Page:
The New Way Auto Thieves Are Getting Into YOUR CAR Is Beyond All…


In an era of increasing technological innovation, clever criminals have developed a novel technique to steal vehicles by exploiting their computer systems. According to a report on MSN’s Autoblog, these tech-savvy thieves are now targeting the headlight modules of modern vehicles to gain access to their Controller Area Network (CAN) bus systems, which serve as the vehicle’s central nervous system.

The headlight module is chosen as the point of entry due to its simplicity and direct connection to the CAN bus system. If the thief can access this connection from the bumper, they can infiltrate the vehicle’s communication network and take control. Ken Tindell, the chief technical officer of Canis Automotive Labs, discussed the intricacies of this theft method in a blog post.

Tindell explained that modern vehicles employ smart keys to ensure security. These keys communicate with the vehicle, exchanging cryptographic messages to authenticate their legitimacy. While this messaging system is generally secure and can only be compromised with substantial resources, thieves often search for a weaker point to exploit.

Previously, criminals would hack into the key fob used for remote entry and starting, but increased awareness and countermeasures from vehicle owners and manufacturers have rendered this method less effective. As a result, thieves have turned to a new approach, bypassing the entire smart key system. By infiltrating the vehicle’s internal communication network, they inject fake messages as if they were from the smart key receiver, essentially commanding the vehicle to “unlock immobilizer.”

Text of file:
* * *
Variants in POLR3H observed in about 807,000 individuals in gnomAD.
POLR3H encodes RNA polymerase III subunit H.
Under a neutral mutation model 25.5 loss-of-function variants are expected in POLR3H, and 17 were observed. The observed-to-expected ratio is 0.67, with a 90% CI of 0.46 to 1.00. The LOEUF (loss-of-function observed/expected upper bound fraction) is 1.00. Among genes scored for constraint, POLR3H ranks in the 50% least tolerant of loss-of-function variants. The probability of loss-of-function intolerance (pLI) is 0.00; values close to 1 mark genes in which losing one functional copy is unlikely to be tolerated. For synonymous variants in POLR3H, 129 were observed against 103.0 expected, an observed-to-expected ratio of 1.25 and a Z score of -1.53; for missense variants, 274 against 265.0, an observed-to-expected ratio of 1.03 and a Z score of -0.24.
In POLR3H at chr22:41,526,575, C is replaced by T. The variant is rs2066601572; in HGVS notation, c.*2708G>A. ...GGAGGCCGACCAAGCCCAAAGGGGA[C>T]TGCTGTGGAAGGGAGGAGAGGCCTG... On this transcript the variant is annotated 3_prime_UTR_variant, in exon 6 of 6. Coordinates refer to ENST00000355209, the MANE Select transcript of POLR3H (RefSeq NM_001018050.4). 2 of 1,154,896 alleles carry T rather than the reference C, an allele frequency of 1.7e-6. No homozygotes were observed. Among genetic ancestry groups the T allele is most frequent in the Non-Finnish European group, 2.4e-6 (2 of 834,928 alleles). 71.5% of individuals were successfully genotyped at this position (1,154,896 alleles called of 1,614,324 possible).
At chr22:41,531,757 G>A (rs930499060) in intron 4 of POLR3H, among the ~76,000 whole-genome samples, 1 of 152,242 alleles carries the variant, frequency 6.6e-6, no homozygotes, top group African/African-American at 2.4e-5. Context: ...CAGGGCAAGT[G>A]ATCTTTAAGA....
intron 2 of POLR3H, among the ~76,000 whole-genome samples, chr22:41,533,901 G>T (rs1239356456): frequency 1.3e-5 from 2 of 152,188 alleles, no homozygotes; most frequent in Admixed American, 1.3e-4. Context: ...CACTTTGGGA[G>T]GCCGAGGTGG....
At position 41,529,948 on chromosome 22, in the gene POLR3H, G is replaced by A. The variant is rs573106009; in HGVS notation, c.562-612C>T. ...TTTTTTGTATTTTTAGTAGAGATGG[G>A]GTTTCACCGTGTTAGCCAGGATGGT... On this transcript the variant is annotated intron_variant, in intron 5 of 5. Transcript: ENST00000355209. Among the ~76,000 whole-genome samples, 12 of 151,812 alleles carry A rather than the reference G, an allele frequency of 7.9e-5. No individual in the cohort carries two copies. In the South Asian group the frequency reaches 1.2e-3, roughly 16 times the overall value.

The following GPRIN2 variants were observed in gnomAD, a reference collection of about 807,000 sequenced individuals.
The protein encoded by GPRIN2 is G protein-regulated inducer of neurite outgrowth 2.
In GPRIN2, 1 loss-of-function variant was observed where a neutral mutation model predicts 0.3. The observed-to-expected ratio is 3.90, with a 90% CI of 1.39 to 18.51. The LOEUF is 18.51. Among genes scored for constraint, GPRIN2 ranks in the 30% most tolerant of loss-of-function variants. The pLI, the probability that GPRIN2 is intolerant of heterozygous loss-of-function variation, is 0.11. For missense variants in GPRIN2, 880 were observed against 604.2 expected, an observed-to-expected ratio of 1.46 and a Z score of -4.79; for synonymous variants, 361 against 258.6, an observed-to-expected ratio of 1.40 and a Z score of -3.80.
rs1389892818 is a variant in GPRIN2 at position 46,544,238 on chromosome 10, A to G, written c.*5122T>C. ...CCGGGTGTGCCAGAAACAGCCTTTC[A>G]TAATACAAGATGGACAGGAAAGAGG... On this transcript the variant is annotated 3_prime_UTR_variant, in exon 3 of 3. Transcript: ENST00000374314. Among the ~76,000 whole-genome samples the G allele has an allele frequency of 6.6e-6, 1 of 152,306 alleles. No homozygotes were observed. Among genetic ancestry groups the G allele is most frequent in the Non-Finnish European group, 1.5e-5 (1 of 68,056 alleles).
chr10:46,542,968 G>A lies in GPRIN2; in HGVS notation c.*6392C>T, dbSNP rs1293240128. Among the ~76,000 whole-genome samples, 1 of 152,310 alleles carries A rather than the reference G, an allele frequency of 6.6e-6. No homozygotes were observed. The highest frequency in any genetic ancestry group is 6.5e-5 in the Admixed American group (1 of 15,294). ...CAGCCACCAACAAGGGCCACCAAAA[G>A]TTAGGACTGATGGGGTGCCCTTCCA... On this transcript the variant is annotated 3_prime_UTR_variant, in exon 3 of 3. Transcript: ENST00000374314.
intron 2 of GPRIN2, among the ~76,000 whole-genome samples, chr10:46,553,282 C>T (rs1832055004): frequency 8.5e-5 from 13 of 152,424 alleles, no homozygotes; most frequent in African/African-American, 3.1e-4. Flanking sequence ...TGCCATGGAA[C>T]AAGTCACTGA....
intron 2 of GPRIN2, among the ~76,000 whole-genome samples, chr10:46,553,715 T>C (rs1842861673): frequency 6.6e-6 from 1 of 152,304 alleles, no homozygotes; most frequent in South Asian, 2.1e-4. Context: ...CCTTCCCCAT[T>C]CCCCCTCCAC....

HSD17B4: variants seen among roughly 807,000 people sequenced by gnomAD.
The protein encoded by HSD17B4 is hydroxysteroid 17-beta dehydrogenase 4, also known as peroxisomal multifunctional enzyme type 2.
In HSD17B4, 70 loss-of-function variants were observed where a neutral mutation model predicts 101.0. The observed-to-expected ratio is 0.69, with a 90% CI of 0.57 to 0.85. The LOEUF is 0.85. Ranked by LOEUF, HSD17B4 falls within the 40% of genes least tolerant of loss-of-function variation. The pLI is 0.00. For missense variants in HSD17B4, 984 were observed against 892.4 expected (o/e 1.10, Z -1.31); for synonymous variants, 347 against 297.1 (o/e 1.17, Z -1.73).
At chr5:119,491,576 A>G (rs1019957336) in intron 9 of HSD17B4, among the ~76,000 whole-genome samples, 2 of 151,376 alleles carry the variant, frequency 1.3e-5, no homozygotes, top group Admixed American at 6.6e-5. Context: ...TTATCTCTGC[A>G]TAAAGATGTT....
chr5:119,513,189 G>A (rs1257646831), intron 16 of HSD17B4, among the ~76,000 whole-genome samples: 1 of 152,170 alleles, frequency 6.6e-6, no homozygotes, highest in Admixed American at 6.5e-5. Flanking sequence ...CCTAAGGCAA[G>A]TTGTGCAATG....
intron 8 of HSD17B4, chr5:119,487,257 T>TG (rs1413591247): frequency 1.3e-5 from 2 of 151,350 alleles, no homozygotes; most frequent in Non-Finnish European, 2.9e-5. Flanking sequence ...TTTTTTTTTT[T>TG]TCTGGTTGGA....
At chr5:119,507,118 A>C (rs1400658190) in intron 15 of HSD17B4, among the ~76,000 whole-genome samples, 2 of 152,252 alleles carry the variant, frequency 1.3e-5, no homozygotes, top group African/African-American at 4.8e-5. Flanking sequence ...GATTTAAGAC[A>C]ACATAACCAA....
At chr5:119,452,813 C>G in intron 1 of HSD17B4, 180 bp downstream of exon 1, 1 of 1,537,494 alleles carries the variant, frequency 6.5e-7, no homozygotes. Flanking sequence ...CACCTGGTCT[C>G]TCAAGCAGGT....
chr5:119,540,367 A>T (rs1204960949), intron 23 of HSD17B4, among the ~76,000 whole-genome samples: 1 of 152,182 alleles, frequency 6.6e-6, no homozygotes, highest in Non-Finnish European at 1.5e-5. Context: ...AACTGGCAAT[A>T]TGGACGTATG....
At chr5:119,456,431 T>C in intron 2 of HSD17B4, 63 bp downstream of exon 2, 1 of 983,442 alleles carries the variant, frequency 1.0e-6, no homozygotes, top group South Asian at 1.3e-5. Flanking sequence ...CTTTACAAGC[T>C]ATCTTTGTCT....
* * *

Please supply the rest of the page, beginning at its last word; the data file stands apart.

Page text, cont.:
According to Tindell, most vehicles on the road today do not have protected internal messages, making them vulnerable to this type of attack. A counterfeit JBL speaker containing roughly $10 in components, available for purchase on the dark web, is all that is needed to carry out the theft.

Autoblog pointed out that the most effective defense against this method is the time required for thieves to access the wiring. A secluded area where the criminal can work undisturbed is necessary for the attack to be successful.

Although Tindell acknowledged that this security issue can be resolved, he cautioned against expecting a swift solution. Vehicle manufacturers have learned to proceed cautiously when making changes to vehicle systems, as seemingly simple fixes often prove more complex than anticipated. Additionally, extensive testing is required to ensure that there are no unintended consequences from the changes. As such, it may take some time before this particular vulnerability is fully addressed.

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Sources: TheWesternJournal, Autoblog